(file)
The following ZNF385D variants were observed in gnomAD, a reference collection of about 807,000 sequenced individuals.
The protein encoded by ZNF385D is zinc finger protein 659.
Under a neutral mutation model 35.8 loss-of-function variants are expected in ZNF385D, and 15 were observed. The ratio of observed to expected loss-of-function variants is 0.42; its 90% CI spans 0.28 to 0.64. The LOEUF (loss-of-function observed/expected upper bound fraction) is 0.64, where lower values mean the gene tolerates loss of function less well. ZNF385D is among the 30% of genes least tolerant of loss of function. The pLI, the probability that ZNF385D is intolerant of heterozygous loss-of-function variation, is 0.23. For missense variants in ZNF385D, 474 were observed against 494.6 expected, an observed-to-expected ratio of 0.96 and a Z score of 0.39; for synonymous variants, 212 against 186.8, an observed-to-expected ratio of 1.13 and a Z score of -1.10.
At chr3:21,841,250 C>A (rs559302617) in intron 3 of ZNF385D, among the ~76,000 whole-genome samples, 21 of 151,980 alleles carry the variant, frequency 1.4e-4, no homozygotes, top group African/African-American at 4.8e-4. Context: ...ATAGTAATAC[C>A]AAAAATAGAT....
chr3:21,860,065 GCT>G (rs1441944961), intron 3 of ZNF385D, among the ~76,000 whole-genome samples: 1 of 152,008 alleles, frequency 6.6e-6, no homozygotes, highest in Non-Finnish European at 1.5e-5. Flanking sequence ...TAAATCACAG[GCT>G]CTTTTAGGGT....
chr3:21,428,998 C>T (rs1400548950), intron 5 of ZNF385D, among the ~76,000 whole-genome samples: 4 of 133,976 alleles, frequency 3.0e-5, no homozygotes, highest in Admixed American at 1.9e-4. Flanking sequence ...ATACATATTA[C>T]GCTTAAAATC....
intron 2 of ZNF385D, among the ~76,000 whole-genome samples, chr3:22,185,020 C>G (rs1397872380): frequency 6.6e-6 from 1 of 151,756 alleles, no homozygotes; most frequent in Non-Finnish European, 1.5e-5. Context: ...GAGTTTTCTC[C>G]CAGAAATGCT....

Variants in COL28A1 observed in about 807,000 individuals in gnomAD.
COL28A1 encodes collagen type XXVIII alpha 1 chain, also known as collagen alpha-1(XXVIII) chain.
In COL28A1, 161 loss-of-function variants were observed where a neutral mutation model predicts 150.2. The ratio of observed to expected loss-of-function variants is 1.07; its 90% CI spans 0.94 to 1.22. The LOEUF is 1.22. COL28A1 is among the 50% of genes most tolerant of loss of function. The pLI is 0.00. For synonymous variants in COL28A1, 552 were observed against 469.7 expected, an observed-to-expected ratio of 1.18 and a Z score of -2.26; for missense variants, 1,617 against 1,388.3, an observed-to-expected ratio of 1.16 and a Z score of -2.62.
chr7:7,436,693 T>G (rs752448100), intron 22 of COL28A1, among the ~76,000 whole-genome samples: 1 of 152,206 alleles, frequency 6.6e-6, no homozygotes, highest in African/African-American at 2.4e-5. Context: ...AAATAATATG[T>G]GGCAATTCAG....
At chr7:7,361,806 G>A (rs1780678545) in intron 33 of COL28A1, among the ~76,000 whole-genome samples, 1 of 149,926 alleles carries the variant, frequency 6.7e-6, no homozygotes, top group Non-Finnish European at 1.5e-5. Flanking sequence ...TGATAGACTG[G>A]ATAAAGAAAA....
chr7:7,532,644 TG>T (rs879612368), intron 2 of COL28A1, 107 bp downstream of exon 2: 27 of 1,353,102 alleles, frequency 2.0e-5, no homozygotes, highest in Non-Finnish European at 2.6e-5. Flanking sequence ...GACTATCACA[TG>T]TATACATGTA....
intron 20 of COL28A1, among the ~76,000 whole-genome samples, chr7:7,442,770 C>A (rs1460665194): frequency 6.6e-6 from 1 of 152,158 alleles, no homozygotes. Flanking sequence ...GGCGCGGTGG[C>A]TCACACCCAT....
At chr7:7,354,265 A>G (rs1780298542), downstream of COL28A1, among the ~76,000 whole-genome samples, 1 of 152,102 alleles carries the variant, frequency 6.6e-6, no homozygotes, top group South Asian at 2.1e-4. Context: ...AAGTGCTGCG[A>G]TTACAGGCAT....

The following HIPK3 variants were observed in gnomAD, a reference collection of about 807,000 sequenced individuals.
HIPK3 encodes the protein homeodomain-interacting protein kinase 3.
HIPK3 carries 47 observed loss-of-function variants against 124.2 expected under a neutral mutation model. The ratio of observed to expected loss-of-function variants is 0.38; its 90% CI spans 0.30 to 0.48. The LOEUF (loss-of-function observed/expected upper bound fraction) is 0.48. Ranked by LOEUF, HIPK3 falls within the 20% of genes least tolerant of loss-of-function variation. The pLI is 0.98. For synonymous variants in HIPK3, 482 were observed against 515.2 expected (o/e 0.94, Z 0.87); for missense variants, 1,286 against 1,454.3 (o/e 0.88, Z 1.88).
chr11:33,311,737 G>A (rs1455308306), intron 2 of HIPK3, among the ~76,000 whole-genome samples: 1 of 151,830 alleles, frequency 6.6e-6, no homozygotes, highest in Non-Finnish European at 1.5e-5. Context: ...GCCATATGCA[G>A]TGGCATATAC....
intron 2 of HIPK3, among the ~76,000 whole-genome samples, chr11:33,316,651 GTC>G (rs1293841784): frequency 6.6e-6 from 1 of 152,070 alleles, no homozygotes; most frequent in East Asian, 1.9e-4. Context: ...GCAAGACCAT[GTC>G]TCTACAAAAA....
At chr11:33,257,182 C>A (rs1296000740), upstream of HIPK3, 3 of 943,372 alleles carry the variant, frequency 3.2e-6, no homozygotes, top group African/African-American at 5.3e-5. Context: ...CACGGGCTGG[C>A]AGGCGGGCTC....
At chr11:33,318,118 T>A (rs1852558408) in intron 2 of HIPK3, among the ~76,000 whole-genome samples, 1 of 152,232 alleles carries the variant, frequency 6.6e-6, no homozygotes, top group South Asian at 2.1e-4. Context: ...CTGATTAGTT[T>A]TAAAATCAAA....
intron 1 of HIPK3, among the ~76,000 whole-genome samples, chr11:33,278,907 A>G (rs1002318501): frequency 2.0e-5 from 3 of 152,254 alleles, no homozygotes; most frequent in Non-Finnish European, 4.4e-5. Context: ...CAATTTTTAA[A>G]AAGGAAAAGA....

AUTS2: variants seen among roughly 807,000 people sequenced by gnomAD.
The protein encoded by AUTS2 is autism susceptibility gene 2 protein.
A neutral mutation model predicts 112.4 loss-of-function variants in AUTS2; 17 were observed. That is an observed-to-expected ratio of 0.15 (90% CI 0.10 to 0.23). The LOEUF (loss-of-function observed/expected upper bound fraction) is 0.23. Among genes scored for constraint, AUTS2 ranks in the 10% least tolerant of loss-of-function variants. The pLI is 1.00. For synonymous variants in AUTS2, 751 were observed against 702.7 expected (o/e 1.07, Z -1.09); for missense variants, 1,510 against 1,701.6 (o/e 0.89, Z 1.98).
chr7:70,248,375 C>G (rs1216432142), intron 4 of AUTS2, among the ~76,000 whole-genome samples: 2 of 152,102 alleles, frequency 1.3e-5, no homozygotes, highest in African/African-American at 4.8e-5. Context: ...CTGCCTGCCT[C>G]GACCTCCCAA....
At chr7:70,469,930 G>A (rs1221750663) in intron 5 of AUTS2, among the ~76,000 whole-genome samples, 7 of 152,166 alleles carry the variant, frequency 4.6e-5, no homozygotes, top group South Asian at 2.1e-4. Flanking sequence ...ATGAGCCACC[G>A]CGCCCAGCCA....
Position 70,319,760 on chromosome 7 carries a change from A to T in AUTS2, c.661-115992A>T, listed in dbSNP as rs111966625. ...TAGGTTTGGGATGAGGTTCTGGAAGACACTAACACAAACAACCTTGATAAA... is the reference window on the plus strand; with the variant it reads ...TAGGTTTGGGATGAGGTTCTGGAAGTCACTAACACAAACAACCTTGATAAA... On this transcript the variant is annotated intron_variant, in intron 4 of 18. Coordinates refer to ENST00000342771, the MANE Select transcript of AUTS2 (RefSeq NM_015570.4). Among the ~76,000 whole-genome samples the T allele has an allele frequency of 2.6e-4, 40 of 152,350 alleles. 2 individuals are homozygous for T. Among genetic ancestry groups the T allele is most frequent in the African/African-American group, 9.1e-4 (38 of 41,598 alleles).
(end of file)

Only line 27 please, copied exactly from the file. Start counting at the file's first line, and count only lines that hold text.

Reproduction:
chr7:70,248,375 C>G (rs1216432142), intron 4 of AUTS2, among the ~76,000 whole-genome samples: 2 of 152,102 alleles, frequency 1.3e-5, no homozygotes, highest in African/African-American at 4.8e-5. Context: ...CTGCCTGCCT[C>G]GACCTCCCAA....